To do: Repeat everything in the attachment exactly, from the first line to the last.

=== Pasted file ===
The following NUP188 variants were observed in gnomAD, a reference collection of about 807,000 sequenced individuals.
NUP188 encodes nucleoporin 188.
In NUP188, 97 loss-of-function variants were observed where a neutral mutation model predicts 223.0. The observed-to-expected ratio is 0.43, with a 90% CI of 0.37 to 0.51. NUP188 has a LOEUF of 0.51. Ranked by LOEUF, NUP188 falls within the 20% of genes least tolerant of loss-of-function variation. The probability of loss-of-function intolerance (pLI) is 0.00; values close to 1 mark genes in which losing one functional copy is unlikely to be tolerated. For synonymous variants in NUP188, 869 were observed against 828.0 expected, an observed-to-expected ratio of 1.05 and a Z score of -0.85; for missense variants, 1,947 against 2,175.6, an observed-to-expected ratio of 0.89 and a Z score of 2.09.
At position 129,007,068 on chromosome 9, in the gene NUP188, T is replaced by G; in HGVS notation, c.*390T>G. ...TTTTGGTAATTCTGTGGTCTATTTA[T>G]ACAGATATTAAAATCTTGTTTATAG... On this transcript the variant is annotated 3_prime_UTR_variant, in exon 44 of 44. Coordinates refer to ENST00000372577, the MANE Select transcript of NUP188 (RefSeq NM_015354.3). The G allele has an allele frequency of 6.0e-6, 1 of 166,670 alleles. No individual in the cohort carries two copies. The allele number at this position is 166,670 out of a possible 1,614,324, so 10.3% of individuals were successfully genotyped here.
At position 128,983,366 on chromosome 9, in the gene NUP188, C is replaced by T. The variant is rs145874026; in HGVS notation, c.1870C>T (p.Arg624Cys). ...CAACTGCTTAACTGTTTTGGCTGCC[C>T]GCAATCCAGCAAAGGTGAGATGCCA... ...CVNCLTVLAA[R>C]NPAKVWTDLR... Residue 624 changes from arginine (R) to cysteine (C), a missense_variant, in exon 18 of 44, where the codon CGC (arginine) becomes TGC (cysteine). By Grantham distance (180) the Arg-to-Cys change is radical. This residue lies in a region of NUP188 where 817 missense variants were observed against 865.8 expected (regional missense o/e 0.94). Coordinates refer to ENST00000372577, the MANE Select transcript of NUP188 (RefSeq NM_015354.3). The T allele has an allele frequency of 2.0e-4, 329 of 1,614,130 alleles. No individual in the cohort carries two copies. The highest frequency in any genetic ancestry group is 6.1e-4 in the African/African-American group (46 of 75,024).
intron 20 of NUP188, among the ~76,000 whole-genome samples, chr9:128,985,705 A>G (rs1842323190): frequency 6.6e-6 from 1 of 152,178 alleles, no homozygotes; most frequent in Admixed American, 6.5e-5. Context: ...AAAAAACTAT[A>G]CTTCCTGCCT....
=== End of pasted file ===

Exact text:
The following NUP188 variants were observed in gnomAD, a reference collection of about 807,000 sequenced individuals.
NUP188 encodes nucleoporin 188.
In NUP188, 97 loss-of-function variants were observed where a neutral mutation model predicts 223.0. The observed-to-expected ratio is 0.43, with a 90% CI of 0.37 to 0.51. NUP188 has a LOEUF of 0.51. Ranked by LOEUF, NUP188 falls within the 20% of genes least tolerant of loss-of-function variation. The probability of loss-of-function intolerance (pLI) is 0.00; values close to 1 mark genes in which losing one functional copy is unlikely to be tolerated. For synonymous variants in NUP188, 869 were observed against 828.0 expected, an observed-to-expected ratio of 1.05 and a Z score of -0.85; for missense variants, 1,947 against 2,175.6, an observed-to-expected ratio of 0.89 and a Z score of 2.09.
At position 129,007,068 on chromosome 9, in the gene NUP188, T is replaced by G; in HGVS notation, c.*390T>G. ...TTTTGGTAATTCTGTGGTCTATTTA[T>G]ACAGATATTAAAATCTTGTTTATAG... On this transcript the variant is annotated 3_prime_UTR_variant, in exon 44 of 44. Coordinates refer to ENST00000372577, the MANE Select transcript of NUP188 (RefSeq NM_015354.3). The G allele has an allele frequency of 6.0e-6, 1 of 166,670 alleles. No individual in the cohort carries two copies. The allele number at this position is 166,670 out of a possible 1,614,324, so 10.3% of individuals were successfully genotyped here.
At position 128,983,366 on chromosome 9, in the gene NUP188, C is replaced by T. The variant is rs145874026; in HGVS notation, c.1870C>T (p.Arg624Cys). ...CAACTGCTTAACTGTTTTGGCTGCC[C>T]GCAATCCAGCAAAGGTGAGATGCCA... ...CVNCLTVLAA[R>C]NPAKVWTDLR... Residue 624 changes from arginine (R) to cysteine (C), a missense_variant, in exon 18 of 44, where the codon CGC (arginine) becomes TGC (cysteine). By Grantham distance (180) the Arg-to-Cys change is radical. This residue lies in a region of NUP188 where 817 missense variants were observed against 865.8 expected (regional missense o/e 0.94). Coordinates refer to ENST00000372577, the MANE Select transcript of NUP188 (RefSeq NM_015354.3). The T allele has an allele frequency of 2.0e-4, 329 of 1,614,130 alleles. No individual in the cohort carries two copies. The highest frequency in any genetic ancestry group is 6.1e-4 in the African/African-American group (46 of 75,024).
intron 20 of NUP188, among the ~76,000 whole-genome samples, chr9:128,985,705 A>G (rs1842323190): frequency 6.6e-6 from 1 of 152,178 alleles, no homozygotes; most frequent in Admixed American, 6.5e-5. Context: ...AAAAAACTAT[A>G]CTTCCTGCCT....